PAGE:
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    Re: Manual calculation of compass variation
    From: Richard B. Langley
    Date: 2004 Oct 19, 09:58 -0300

    On Sat, 16 Oct 2004, Fred Hebard wrote:
    >That was a very informative article for this non-expert navigator, not
    >to mention a reminder of how much I don't know.
    >I was surprised that a vessel needs to be going 5-10 km/hr to get a GPS
    >track accurate to better than one degree, and am wondering what the
    >accuracy of the track is for low speeds, which might easily be
    >encountered in a sailing vessel; I suppose this information is included
    >in GPS manuals, but I don't have one.
    The GPS receiver manuals typically don't discuss heading accuracy (at least
    the one for the Garmin eTrex Vista, which I own, doesn't). But it is not too
    difficult to show, using a back-of-the-envelope propagation of error
    calculation, that the heading accuracy is roughly inversely proportional to
    the speed. The heading is determined by taking the arcsine of the ratio of the
    east component of the velocity to the speed (the magnitude of the velocity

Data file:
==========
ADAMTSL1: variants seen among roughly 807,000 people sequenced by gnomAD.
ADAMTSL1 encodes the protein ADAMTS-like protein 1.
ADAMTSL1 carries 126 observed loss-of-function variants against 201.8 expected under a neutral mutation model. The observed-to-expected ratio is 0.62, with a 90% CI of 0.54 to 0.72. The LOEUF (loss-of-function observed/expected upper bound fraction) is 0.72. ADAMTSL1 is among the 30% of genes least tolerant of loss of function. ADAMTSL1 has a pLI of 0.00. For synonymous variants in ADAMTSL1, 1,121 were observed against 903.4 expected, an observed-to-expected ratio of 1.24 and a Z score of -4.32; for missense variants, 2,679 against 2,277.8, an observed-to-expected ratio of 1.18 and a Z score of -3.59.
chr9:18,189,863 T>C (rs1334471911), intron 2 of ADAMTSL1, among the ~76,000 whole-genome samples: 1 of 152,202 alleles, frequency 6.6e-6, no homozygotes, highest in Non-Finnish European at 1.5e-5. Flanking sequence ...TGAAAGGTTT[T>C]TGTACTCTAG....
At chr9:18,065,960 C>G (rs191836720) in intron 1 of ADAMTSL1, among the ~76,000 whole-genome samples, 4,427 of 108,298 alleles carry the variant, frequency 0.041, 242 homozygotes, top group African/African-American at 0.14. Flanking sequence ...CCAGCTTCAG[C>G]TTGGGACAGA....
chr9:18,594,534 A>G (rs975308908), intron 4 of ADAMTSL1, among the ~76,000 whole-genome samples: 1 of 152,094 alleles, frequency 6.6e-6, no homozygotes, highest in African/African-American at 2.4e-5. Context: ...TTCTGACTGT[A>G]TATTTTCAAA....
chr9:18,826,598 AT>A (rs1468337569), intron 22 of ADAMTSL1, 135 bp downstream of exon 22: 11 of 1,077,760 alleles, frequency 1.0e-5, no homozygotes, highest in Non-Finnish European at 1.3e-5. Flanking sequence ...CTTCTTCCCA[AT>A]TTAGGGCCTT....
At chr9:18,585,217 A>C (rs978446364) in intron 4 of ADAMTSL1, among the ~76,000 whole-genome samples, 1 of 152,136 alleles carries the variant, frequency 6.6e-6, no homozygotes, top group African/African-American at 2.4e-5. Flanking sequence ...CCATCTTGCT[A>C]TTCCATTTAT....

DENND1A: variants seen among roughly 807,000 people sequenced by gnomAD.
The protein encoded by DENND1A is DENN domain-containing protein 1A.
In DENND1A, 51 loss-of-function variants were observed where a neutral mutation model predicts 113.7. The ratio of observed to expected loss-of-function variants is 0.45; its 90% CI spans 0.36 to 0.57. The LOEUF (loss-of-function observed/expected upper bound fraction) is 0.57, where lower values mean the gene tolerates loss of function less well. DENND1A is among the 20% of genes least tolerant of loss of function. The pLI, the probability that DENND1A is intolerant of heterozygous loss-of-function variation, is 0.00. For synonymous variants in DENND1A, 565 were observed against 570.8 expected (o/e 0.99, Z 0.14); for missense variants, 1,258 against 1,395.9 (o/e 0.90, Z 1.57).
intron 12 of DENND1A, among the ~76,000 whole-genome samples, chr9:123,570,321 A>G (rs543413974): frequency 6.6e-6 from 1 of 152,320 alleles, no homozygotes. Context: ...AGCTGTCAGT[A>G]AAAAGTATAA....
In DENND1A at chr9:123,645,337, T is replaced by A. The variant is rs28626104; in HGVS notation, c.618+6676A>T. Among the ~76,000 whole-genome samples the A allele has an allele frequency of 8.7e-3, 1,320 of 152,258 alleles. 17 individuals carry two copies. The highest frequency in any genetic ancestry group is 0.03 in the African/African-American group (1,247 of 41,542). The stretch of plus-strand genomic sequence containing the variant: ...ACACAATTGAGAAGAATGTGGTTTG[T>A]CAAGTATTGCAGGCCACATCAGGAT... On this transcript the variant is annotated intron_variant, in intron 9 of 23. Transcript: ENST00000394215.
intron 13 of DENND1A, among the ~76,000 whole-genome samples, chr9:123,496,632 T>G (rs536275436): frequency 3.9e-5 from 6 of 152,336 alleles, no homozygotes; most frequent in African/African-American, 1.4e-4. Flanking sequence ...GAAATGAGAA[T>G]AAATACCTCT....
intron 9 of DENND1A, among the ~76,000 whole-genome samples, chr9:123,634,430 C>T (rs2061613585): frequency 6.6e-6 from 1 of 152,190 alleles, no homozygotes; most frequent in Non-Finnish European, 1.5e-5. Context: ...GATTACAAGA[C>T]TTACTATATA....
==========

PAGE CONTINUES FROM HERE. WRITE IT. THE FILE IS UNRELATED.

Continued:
vector) (arcosine of north component over speed or arctangent of the ratio of
    the east and north components could also be used -- although the latter will
    have problems near 90 and 270 degrees).
    As an approxixmation (making assumptions that the east component is
    approximately equal to the total speed; i.e. the receiver is heading nearly
    due east), we end up with
    delta-A = 1/v delta-v
    that is, the error in the heading (as an azimuth) equals the error in the
    speed divided by the speed (result is in radians which can then be converted
    to degrees). A typical GPS receiver determines speed to an accuracy of about
    0.05 metres per second or 0.2 km per hour. So the heading error will be
         Speed     Heading Error
         (km/hr)     (degrees)
           100         0.1
            10         1.0
             1         10.
    And that is why for GPS receivers which include an electronic magnetic
    compass, an option is included to switch to the compass when the speed drops
    below a certain user-specified value as the compass (if properly calibrated)
    will be more accurate.
    -- Richard
     Richard B. Langley                            E-mail: lang---.ca
     Geodetic Research Laboratory                  Web: http://www.unb.ca/GGE/
     Dept. of Geodesy and Geomatics Engineering    Phone:    +1 506 453-5142
     University of New Brunswick                   Fax:      +1 506 453-4943
     Fredericton, N.B., Canada  E3B 5A3
         Fredericton?  Where's that?  See: http://www.city.fredericton.nb.ca/

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